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Unsafe at work

When domestic violence enters the workplace?

Here in Barbados we have had several incidents of domestic violence that entered the workplace. Although the ones reported in the media may be few and far between, I am sure that there are several unreported episodes.

Very often we like to sit in our “ivory towers” and think that domestic violence is a class thing and that only those people in the lower social class are exposed to such behaviour. However, this is not the case, according to McFerran (2013) (National Director of safety at home, safety at work project) University of New South Whales, “domestic violence is not confined to one particular class or individuals with lofty academic achievements”.

Therefore, one set of employees do not have immunity while others are at risk. I am sure that readers have either seen or heard of at least one employee (usually a woman) who was assaulted at or near her place of work by an irate spouse.

The problem is, we like to distance ourselves from these problems and some may even find it humorous, instead of considering what can be done to protect employees with such problems. The article this week is about domestic violence when it enters the workplace.

Very often, we overhear individuals expressing shock when persons of high social standing are subjected to domestic violence. As a result, many women/men suffer in silence as they strive to separate their home environment from their world of work.

However, as McFerran (2013) suggests, domestic violence can occur to anyone including your work colleagues/ managers. These people may struggle daily to prevent this type of violent behaviour from affecting their job or co-workers but at times it becomes inevitable.

This is why management must recognise that domestic violence can spill over to the workplace at any time and that it is not a class thing since the workplace is a reflection of individuals in the wider society. Therefore, we can no longer think of it as a private matter that should be hidden or that employees should pretend would never take place.

You see, at times, the workplace is the only safe haven for victims of domestic violence/abuse since it plays a vital role in ensuring that these individuals have economic independence. However, when domestic violence spills over into the workplace, fellow employees can become witnesses to harassment and even the stalking behaviour of the spouse.

It is possible that this behaviour has a carryover effect which could result in psychological distress to these workers.

Therefore, instead of pretending that such behaviour is only limited to others, management must realise that domestic violence is unavoidable in the contemporary workplace. Furthermore, research has revealed that both males and females are at risk to such behaviour although statistics suggests a higher prevalence among females.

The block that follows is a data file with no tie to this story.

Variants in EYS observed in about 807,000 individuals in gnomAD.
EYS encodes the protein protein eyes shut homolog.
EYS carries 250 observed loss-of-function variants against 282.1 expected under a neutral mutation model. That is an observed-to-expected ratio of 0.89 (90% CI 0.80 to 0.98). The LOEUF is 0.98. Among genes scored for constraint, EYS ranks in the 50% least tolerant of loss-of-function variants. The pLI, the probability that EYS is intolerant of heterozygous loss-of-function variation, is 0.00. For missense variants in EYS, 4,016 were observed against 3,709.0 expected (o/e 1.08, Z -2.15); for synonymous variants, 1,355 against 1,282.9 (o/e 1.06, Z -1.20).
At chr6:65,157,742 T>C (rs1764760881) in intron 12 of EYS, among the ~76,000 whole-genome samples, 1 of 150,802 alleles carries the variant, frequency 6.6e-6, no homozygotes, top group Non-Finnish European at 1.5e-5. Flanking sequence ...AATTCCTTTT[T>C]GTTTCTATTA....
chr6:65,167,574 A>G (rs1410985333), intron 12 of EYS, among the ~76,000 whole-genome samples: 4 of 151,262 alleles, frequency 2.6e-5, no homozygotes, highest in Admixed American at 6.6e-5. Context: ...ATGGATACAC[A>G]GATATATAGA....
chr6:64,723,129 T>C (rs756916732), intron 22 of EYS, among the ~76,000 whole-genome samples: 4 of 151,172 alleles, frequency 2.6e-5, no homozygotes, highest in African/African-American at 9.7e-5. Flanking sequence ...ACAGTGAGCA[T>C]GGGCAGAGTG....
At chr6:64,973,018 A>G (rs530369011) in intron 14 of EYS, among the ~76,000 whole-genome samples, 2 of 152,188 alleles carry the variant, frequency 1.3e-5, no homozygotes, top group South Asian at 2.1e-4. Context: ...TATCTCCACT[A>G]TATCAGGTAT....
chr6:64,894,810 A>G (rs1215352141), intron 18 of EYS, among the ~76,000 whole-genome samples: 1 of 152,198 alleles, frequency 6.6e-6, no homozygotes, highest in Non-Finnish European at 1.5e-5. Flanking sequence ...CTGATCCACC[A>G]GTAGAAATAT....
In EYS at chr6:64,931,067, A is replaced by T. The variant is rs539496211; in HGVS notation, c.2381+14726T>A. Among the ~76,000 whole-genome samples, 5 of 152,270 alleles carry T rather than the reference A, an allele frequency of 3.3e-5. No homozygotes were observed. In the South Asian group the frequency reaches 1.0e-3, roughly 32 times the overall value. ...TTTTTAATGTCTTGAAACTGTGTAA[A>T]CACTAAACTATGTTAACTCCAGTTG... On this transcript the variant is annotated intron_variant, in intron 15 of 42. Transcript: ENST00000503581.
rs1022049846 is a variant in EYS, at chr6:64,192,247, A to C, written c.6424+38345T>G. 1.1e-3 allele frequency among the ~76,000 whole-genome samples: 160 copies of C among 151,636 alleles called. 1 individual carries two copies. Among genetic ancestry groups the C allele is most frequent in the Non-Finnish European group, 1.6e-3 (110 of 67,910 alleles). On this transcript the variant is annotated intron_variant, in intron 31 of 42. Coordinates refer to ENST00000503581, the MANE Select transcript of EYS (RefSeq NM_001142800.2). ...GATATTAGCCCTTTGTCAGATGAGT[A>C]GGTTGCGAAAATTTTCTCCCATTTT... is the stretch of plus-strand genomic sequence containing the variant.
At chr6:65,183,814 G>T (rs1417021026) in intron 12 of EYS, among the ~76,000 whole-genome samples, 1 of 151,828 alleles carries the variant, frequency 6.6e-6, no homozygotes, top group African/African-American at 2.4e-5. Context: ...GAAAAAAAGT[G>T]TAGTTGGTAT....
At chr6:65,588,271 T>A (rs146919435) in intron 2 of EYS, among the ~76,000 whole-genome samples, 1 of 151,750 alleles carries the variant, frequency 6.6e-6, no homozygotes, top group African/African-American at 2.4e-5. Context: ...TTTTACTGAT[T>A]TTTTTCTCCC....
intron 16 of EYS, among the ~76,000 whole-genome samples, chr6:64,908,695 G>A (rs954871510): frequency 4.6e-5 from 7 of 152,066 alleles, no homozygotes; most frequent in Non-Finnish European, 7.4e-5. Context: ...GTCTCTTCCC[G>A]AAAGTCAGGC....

Some of the indicators of workplace abuse very often go unnoticed. However, one may see/witness a spouse of another employee who turns up at the workplace and makes threatening or abusive comments. Often times they make several abusive phone calls/emails and may even go so far as to prevent the employee from reporting to work.

This is because the abuser may take the car keys or smash the cell phone to prevent the victim from reporting the incident. It has become apparent in the contemporary workplace that domestic violence does not remain at home. Furthermore, research by McFerran (2013) suggests that more often than not it follows the employee to work where the end result could be fatal.

People may ask, what are some indicators of this behaviour? One response is, domestic violence can result when the victim ends a relationship or it may stem from an ongoing relationship. So co-workers or colleagues must be mindful of minor complaints of abusive emails or phone calls. The victim may even report that they could not attend work because they lost/misplaced the car or keys.

They may try to pass it off as a funny story rather than say that their spouse physically prevented them from leaving the home. They may display high levels of anxiety, lack of concentration and may demonstrate a drastic change on job performance especially in areas where they previously did excellent work.

In the case of females, they may start to wear more make-up than usual to cover up injuries or wear clothing that conceals unexplained bruises or injuries

One may ask at this stage, what can be done? Well if management examines the cost of such abuse on the organisation they would realise that symptoms such as high absenteeism, loss of productivity and high levels of staff turnover will impact on the organisation’s sine qua non.

Therefore, they should thoroughly investigate any suspicious behaviour with the aim to prevent the loss of a valuable and productive employee.

So how can management assist such employees? McFerran suggests that management should ensure that confidentiality is kept at high levels, without which there is no reassurance. Next, they ought to create an atmosphere of trust, compassion and consideration where the employee feels comfortable asking for assistance with problems of a personal nature.

In this way, victims of domestic abuse in the workplace would feel at ease when recounting trouble of this kind. Moreover, management may consider creating or implementing flexible hours of work, personal time off, increasing security at work and employee assistance programs that are designed to support employees through difficult times.

These procedures may not only help increase productivity in the long term but they may someday assist a loved one, since domestic violence can easily spill over into the workplace and it is no respecter of persons. Until next time….

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